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Wednesday, January 27, 2010

Olympic Bounce?

Hmmm, what a surprise.

Seems that Tsur Somerville, a professor in real state estate at the University of British Columbia, has just poked a hole in the Olympic R/E speculative bubble.

In a recent study Somerville analyzed house prices and construction employment in the years leading up to and after the Olympics in Australian, Canadian and U.S. cities.

The conclusion?

Cities that win Olympic bids experience neither boom nor bust in real estate prices but they get a boost in construction jobs.

"We do not find support for the argument of host city backers that the Olympics delivers positive economic benefits, nor of the arguments made by opponents that there is some post-Olympic bust," Somerville said. "Our results conclusively demonstrate that while construction employment dramatically increases in the period prior to the Games, house prices are the same as they would be in the absence of the Games."

The study comes as the second slap in a double whammy of bad news for speculators.

Last week we heard how all those who loaded up on real estate in hopes of capitalizing on renting out during the Olympics are finding that their units are sitting empty, both in Whistler and Vancouver.

And now the anticipated land rush after the Olympics is being exposed as a myth.

Who could of known?

Guess the government should compensate them, eh?

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Tuesday, January 26, 2010

Vancouver is Number 1!

So the big news yesterday was the release of the latest Demogaphia survey which compares house prices in Canada, the US, the UK, Australia and elsewhere in the world.

The result? Vancouver is declared the most unaffordable housing market in the world.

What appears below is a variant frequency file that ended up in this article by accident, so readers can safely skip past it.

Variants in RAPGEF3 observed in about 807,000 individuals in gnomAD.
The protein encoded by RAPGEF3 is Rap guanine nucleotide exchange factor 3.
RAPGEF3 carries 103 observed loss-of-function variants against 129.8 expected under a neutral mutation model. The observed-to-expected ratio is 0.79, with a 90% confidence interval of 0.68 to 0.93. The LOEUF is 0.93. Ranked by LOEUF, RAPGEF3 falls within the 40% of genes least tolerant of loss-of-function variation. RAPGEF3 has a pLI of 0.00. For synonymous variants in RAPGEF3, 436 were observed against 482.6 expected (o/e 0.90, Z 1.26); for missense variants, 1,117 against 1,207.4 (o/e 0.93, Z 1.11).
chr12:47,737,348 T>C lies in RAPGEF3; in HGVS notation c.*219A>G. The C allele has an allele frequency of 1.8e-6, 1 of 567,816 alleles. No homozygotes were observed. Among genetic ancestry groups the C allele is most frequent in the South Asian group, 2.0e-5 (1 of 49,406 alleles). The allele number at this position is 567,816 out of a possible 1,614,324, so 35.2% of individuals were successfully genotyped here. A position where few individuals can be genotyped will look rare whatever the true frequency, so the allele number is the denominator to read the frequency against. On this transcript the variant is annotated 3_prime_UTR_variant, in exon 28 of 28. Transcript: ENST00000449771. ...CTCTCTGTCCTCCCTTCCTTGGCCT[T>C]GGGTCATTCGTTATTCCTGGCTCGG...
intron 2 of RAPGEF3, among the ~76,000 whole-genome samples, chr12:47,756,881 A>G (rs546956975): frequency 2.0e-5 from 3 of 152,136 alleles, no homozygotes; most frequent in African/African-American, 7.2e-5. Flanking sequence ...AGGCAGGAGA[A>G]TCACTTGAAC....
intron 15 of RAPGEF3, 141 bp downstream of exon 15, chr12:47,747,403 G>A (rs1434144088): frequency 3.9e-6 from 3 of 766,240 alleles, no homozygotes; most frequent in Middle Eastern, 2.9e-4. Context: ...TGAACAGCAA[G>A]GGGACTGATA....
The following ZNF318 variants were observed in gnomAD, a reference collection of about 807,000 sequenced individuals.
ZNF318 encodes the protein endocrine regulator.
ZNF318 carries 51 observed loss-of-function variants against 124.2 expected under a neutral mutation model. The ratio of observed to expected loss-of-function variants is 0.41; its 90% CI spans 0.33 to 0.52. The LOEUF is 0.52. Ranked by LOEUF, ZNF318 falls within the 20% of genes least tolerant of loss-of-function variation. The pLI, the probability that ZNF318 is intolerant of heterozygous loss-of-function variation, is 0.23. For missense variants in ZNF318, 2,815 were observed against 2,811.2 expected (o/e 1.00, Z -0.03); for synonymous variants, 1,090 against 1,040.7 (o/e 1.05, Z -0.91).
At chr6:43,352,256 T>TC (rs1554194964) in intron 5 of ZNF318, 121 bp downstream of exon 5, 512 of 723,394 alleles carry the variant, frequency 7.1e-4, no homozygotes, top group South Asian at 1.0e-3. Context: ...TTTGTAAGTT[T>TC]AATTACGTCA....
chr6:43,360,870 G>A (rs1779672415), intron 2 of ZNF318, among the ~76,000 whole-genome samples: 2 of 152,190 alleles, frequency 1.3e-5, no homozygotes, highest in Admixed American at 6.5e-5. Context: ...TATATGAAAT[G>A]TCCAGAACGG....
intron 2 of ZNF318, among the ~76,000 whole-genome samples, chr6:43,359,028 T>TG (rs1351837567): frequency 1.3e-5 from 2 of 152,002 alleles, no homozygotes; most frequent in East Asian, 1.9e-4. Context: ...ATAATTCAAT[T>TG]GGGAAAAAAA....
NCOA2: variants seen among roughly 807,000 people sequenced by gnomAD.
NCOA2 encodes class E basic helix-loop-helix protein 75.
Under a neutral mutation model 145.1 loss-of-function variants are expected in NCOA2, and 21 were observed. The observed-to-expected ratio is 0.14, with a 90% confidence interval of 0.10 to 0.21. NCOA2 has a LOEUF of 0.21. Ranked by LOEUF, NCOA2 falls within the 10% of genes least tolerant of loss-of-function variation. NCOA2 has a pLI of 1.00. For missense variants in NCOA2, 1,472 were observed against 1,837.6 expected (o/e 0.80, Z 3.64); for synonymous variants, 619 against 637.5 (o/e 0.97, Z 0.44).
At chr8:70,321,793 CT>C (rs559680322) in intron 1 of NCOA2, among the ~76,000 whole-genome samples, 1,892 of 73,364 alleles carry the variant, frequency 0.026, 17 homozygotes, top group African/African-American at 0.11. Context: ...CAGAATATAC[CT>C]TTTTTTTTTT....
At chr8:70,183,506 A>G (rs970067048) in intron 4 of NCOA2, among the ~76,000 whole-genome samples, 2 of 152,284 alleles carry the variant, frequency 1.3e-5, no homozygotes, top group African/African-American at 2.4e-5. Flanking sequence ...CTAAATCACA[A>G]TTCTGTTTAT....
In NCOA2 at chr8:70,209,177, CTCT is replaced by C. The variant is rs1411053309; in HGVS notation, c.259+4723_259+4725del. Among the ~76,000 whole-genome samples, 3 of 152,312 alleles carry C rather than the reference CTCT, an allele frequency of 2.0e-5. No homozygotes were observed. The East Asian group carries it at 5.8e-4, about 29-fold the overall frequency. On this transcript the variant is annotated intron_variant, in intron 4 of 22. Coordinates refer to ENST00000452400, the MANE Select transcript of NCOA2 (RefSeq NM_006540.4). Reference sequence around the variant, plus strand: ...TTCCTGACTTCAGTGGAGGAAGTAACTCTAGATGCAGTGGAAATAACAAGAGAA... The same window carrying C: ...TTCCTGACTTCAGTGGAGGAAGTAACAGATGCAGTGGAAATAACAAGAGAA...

Now faithful readers know that our little Village on the Edge of the Rainforest is North America's most bubbly city and Demogaphia now portrays us as the most bubbly in the world. But don't expect that to change local perceptions.

The Bull vs Bear debate on the wet coast will remain unchanged.

Bears will hail the news as further proof that fundamentals are out of whack. And Bulls will counter that the Bears don't understand Vancouver fundamentals (nor does Demogaphia) and that Vancouver's prices rebounded faster than anywhere else in the world precisely because of those strong 'fundamentals'.

In other words... nothing new.

And it's intriguing to watch how it is starting to make some of the Bears question themselves.

On another blog I like to check out from time to time, the longtime Bear author is having doubts.

Convinced that the 2008 correction was the start of the long anticipated bursting of the bubble (and fulfillment of the boom-bust model); convinction has now given way to self-doubt.

The problem, of course, is that people assumed we were at the peak of the bubble. The 2008 dip in prices was, in reality, just part of the jagged climb to the true peak. The boom-bust model will play out... just not necessarily on the timeline many want it to.

The Vancouver (and Canadian) market was starting to correct in 2008. But that correction was hijacked by the actions of the Bank of Canada and the federal government.

  • For the first time in history the central bank rate was cut to just 0.25%.
  • Through policy and stimulus programs, the Federal Government engineered mortgages rates in the 2-3% range.
  • This was supported with CMHC insurance for anyone leveraging 95% of a house purchase.

What other possible result could come from those actions? It triggered an explosion in demand and the average house price in Canada rose last year by 19%, or twenty times the rate of inflation and average wage gains.

Households in Canada are more in debt than ever before, the economy is stalling, government deficits are giving way to massive looming tax hikes and the pressures are building up.

The end result is not all that hard to predict.

Just the timing of it.

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Sunday, January 24, 2010

Sunday Funnies - January 24th, 2010


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Friday, January 22, 2010

What the hell is a 'Froogle'?

Have you ever heard of the Vancouver Real Estate Anecdote Archive (VREAA) ?

It's a unique blog that was started up in February of 2008 to serve as a repository for accounts of what people are experiencing and observing regarding Vancouver’s real estate boom.

For the most part the blog is a giant collection of quotes (with references as to the source) from the greater real estate community.

Yesterday they added an interesting sidebar to their blog.

Billing it as a 'serialized anecdote', VREAA aims to highlight the personal and social effects of the boom through a Vancouver couple who bought a house in September 2003.

'Froogle Scott' is the online handle of the Vancouver homeowner who will share his story.

From the introduction to the series by VREAA: